Book Review: The Lost Pages of Military History

God's Battalions by Rodney StarkGod’s Battalions: The Case for the Crusades
by Rodney Stark
Harper Collins Publishers, 2009, paperback 288 pages

In history classes at various Army service schools I’ve learned about many military campaigns. Lectures and readings expose lessons for modern leaders from the days of Carthage down to modern times. However, for some mysterious reason, military history curriculums ignore the two centuries containing the Crusades.

The material that Rodney Stark covers in God’s Battalions is like terrain on a continent that I never knew existed much less could be explored. If doctors neglected data the way the strategy, operations, and tactics of the Crusades are overlooked, they would be sued for malpractice.

Stark’s scholarly yet gripping prose reveals that the ignorance does not stem from a lack of researchable material. The Crusaders were men of means. They hailed from important families. They were literate, well-connected, and creatively financed. Both sides chronicled the campaigns in vivid, though often exaggerated, official records. Augmenting sources like letters, diaries, commercial records, and last wills and testaments survive in abundance.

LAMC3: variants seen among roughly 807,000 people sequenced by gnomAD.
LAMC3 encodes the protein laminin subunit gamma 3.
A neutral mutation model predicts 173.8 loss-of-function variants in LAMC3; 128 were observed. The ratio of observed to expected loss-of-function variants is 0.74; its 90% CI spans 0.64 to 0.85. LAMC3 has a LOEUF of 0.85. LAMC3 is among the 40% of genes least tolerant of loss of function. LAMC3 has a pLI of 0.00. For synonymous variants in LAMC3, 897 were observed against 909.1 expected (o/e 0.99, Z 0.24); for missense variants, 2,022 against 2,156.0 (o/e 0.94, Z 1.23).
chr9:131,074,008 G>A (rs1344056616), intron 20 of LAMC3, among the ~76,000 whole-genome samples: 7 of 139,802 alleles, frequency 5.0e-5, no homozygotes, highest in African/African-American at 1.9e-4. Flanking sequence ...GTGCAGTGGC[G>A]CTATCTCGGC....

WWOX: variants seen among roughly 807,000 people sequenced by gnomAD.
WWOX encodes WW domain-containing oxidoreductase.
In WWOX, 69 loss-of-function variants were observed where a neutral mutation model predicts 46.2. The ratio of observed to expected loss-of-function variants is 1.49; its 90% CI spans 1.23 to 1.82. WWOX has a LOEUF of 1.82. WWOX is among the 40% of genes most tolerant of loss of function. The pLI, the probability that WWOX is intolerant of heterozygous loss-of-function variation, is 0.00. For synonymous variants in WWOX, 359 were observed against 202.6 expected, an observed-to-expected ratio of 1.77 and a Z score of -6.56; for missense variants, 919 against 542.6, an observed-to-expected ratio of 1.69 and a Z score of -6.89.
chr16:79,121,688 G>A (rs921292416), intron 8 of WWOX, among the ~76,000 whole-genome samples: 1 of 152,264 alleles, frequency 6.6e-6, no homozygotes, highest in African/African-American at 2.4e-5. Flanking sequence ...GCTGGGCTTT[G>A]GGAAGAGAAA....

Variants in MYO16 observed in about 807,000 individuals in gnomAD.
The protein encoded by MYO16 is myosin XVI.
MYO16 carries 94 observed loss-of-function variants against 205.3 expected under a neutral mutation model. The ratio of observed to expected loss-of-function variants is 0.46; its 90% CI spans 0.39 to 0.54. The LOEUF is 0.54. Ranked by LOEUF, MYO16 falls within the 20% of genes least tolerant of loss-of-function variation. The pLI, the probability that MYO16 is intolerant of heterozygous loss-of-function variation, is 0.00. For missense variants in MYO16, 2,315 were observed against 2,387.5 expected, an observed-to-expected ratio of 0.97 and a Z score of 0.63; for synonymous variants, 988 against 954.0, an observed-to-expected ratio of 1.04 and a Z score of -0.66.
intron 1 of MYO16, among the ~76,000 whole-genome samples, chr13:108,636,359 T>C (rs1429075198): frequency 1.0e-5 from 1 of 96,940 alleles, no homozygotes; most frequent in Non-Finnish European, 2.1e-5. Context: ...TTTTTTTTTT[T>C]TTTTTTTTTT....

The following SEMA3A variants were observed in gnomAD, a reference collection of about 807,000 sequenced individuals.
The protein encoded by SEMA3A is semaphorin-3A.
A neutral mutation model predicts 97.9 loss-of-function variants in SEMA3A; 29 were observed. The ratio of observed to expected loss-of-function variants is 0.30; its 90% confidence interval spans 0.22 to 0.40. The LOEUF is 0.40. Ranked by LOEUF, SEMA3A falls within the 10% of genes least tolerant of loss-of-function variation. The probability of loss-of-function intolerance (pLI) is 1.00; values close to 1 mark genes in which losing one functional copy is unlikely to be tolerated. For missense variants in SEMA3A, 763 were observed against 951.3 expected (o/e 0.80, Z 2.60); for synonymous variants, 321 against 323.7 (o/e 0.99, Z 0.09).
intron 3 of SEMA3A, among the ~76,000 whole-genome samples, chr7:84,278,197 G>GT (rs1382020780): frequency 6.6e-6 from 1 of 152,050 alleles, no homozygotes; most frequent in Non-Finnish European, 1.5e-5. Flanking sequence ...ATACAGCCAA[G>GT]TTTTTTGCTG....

God’s Battalions educates and surprises on nearly every page. Stark analyzes the stage-setting religious, political, and economic situation. He describes Crusader motivation. He explains planning, recruiting, financing, training, transporting, and supplying multinational expeditionary campaigns covering thousands of miles. He discusses control of the seas. He details operations at what were essentially forward operating bases among ethnically and religiously diverse civilian populations. He reveals strategy, mixed motives, and treachery of supposed allies. He compares weapons, tactics, and technology. And he shows how and why eventually the rulers and people of Europe essentially abandoned their settlements in Palestine to be overrun.

As case studies in the multinational, coalition, expeditionary “Western way of war,” Stark exposes that the Crusades have few equals. On the role in warfare for “sacred speech,” the only better case study might be modern current events. After reading God’s Battalions, I am convinced that every commander and every chaplain should be studying the Crusades.

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